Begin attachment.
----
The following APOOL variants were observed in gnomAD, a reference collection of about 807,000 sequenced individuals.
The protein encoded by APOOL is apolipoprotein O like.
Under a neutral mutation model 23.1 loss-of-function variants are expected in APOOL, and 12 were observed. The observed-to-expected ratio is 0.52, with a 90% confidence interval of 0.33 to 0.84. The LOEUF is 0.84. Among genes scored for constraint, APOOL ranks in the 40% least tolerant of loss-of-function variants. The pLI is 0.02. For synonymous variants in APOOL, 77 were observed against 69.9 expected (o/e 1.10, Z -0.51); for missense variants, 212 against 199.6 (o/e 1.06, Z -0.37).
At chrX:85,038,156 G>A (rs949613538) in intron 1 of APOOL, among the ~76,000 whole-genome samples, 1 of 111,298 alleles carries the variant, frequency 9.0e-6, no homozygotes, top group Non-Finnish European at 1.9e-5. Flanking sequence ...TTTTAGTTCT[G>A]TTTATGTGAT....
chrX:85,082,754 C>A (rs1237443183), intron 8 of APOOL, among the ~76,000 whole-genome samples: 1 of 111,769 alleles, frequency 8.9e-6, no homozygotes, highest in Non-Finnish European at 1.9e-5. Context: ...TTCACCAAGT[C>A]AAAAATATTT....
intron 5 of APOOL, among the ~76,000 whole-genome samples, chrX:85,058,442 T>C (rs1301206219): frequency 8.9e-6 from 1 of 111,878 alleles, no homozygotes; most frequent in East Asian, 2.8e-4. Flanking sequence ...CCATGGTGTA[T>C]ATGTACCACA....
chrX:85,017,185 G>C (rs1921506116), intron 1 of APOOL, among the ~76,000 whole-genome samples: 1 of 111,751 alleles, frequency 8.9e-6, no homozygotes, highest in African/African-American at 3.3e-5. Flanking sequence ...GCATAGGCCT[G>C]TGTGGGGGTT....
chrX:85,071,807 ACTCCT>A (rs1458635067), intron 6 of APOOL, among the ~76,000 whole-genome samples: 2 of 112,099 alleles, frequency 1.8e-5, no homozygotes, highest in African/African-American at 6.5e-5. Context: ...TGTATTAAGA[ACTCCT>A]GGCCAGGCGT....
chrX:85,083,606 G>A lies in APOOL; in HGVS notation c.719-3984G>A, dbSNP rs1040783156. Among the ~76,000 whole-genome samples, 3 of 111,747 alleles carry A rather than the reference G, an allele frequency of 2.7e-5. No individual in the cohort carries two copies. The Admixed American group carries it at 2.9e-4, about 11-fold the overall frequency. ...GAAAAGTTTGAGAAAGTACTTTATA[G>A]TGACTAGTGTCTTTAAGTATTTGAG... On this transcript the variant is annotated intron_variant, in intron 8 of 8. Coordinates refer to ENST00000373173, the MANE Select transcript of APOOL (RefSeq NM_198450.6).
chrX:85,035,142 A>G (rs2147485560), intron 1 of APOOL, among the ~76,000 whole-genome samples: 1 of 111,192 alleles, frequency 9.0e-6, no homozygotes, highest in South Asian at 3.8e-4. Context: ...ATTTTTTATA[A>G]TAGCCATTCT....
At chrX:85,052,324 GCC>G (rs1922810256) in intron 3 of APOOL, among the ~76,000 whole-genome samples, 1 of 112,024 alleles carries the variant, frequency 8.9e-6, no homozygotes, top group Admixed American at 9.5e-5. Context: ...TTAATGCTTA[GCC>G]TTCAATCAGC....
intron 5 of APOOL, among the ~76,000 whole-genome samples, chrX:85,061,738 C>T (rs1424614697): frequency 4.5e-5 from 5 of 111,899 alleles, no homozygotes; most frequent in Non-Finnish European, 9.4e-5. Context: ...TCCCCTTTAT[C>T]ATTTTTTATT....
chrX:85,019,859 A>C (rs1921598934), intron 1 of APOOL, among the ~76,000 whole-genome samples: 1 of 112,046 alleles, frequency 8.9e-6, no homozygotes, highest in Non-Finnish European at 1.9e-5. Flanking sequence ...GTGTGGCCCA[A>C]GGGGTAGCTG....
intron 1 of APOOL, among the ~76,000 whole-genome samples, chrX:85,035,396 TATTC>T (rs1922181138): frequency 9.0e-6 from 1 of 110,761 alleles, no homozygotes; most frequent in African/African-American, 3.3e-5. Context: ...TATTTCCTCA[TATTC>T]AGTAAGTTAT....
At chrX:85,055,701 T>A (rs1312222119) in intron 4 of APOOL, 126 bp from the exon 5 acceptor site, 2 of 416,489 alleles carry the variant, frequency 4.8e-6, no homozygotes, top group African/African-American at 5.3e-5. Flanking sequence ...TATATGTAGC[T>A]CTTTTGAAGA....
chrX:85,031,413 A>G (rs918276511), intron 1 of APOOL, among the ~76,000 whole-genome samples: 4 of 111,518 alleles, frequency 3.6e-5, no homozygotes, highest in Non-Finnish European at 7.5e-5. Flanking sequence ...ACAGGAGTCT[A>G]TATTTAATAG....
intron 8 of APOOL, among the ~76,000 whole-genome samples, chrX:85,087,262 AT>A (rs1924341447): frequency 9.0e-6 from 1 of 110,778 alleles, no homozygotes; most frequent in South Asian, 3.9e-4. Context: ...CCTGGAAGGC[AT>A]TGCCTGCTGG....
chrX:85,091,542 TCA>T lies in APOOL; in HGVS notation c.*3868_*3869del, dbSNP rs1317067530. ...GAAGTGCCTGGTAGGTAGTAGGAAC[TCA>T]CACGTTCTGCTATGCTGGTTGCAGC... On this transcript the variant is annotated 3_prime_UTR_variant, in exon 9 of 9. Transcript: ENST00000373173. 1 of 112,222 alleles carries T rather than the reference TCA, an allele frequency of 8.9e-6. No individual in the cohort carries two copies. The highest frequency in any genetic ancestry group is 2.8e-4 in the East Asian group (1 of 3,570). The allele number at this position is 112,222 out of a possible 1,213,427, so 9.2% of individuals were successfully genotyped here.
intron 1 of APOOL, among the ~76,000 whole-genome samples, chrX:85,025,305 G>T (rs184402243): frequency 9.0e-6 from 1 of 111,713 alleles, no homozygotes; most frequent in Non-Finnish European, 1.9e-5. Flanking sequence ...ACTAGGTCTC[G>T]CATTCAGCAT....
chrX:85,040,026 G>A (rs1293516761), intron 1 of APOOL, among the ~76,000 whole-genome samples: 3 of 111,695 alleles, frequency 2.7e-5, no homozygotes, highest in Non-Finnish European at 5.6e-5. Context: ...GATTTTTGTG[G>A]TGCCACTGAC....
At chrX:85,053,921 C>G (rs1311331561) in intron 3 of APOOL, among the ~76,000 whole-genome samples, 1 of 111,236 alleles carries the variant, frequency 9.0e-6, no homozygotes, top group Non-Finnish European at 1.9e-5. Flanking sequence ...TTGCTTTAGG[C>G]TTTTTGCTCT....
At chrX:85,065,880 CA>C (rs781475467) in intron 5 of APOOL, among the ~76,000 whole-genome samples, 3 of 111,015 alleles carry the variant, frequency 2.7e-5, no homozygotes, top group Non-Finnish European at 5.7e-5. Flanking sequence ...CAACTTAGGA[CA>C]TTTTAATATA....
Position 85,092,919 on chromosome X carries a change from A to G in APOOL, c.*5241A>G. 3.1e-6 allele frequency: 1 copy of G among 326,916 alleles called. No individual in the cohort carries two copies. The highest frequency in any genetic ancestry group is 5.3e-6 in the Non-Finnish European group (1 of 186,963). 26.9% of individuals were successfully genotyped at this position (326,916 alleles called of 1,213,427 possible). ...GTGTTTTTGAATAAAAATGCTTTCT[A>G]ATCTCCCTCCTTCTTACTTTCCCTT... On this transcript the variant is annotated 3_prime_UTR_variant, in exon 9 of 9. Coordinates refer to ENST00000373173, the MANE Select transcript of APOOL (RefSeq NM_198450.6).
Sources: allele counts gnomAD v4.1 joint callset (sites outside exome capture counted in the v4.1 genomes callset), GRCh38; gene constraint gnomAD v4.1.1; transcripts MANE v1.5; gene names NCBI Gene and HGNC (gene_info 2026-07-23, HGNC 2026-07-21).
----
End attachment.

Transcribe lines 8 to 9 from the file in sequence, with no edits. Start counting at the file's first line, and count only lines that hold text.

chrX:85,071,807 ACTCCT>A (rs1458635067), intron 6 of APOOL, among the ~76,000 whole-genome samples: 2 of 112,099 alleles, frequency 1.8e-5, no homozygotes, highest in African/African-American at 6.5e-5. Context: ...TGTATTAAGA[ACTCCT>A]GGCCAGGCGT....
chrX:85,083,606 G>A lies in APOOL; in HGVS notation c.719-3984G>A, dbSNP rs1040783156. Among the ~76,000 whole-genome samples, 3 of 111,747 alleles carry A rather than the reference G, an allele frequency of 2.7e-5. No individual in the cohort carries two copies. The Admixed American group carries it at 2.9e-4, about 11-fold the overall frequency. ...GAAAAGTTTGAGAAAGTACTTTATA[G>A]TGACTAGTGTCTTTAAGTATTTGAG... On this transcript the variant is annotated intron_variant, in intron 8 of 8. Coordinates refer to ENST00000373173, the MANE Select transcript of APOOL (RefSeq NM_198450.6).